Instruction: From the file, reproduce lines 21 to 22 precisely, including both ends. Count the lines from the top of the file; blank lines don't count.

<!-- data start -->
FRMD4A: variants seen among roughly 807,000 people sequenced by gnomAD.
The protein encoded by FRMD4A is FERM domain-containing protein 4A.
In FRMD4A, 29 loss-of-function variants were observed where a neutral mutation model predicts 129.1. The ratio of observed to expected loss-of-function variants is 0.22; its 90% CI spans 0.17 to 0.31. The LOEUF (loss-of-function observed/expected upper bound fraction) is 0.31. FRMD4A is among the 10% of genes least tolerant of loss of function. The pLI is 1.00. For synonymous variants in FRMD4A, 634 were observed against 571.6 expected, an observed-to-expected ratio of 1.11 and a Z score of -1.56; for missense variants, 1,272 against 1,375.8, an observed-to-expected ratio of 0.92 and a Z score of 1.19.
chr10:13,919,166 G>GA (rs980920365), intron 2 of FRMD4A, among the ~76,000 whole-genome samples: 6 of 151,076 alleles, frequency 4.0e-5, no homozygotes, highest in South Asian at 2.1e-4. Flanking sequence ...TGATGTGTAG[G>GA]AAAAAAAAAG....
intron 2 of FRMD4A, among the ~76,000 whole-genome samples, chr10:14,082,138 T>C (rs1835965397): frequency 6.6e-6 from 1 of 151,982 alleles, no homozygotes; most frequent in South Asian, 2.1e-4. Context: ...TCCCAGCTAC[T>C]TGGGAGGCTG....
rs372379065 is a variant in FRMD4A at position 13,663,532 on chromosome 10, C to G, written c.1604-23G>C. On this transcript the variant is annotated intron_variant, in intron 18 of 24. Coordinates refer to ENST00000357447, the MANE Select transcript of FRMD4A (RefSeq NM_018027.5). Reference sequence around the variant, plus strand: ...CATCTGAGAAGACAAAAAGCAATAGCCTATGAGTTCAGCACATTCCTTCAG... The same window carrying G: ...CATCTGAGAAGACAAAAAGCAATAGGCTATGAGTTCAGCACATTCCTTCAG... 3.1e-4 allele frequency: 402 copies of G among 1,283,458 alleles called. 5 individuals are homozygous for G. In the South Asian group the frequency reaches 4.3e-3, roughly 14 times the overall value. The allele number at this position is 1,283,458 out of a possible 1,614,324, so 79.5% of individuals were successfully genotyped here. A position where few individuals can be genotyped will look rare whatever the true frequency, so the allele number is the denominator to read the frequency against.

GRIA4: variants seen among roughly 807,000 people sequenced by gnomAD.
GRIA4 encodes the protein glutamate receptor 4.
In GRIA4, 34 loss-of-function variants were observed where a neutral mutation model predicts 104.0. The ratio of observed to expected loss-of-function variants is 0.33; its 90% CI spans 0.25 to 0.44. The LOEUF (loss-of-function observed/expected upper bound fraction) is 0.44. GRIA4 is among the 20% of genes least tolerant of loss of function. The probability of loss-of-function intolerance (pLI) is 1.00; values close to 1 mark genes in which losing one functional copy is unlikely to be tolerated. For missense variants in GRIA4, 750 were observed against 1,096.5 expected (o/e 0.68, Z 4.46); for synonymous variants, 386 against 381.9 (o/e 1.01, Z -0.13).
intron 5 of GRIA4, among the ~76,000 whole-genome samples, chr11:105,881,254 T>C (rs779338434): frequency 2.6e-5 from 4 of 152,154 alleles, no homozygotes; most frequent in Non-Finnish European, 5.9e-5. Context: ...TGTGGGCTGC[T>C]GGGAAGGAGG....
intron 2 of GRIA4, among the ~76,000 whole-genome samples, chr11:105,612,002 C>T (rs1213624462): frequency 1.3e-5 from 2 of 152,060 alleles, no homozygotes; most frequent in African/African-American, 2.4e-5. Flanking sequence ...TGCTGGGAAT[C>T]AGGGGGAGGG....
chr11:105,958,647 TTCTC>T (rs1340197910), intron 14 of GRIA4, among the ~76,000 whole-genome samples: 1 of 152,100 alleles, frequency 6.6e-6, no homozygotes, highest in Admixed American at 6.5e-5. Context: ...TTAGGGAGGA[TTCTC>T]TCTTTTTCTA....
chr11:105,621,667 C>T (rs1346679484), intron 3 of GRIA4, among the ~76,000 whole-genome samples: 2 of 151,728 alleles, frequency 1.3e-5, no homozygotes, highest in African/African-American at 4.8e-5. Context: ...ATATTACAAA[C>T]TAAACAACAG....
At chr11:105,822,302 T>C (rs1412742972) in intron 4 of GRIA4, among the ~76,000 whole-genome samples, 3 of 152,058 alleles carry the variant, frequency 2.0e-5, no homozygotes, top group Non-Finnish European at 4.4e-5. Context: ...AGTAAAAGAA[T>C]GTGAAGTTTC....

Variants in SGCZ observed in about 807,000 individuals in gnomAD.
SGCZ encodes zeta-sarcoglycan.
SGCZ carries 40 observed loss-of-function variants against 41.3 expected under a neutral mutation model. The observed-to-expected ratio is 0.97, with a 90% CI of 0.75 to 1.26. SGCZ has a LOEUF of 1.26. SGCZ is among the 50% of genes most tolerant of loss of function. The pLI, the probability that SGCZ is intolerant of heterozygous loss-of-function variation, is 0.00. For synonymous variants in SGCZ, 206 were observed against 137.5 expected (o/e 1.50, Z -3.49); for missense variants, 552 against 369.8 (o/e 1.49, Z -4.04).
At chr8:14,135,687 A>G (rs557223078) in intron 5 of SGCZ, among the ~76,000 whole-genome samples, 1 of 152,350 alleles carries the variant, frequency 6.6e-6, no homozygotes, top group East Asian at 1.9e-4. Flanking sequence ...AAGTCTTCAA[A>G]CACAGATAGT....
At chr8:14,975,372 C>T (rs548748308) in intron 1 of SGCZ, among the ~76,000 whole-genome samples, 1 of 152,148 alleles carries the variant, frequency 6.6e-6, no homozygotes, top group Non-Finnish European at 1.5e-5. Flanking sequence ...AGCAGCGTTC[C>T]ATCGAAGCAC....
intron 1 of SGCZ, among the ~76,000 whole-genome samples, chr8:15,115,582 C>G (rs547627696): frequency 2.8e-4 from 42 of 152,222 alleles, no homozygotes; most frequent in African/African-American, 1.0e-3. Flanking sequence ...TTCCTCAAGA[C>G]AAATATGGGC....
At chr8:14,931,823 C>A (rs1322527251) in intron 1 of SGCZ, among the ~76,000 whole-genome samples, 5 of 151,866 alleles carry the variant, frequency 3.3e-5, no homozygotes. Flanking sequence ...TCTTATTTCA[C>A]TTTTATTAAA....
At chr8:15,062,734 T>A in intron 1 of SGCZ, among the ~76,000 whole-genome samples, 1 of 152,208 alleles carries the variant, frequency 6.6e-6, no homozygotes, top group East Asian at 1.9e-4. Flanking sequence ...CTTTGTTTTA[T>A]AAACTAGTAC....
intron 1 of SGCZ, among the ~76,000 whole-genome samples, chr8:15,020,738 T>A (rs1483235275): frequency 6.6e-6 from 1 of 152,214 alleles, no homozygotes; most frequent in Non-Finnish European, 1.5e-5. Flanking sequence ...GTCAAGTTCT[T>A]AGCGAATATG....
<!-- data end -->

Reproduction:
At chr8:14,931,823 C>A (rs1322527251) in intron 1 of SGCZ, among the ~76,000 whole-genome samples, 5 of 151,866 alleles carry the variant, frequency 3.3e-5, no homozygotes. Flanking sequence ...TCTTATTTCA[C>A]TTTTATTAAA....
At chr8:15,062,734 T>A in intron 1 of SGCZ, among the ~76,000 whole-genome samples, 1 of 152,208 alleles carries the variant, frequency 6.6e-6, no homozygotes, top group East Asian at 1.9e-4. Flanking sequence ...CTTTGTTTTA[T>A]AAACTAGTAC....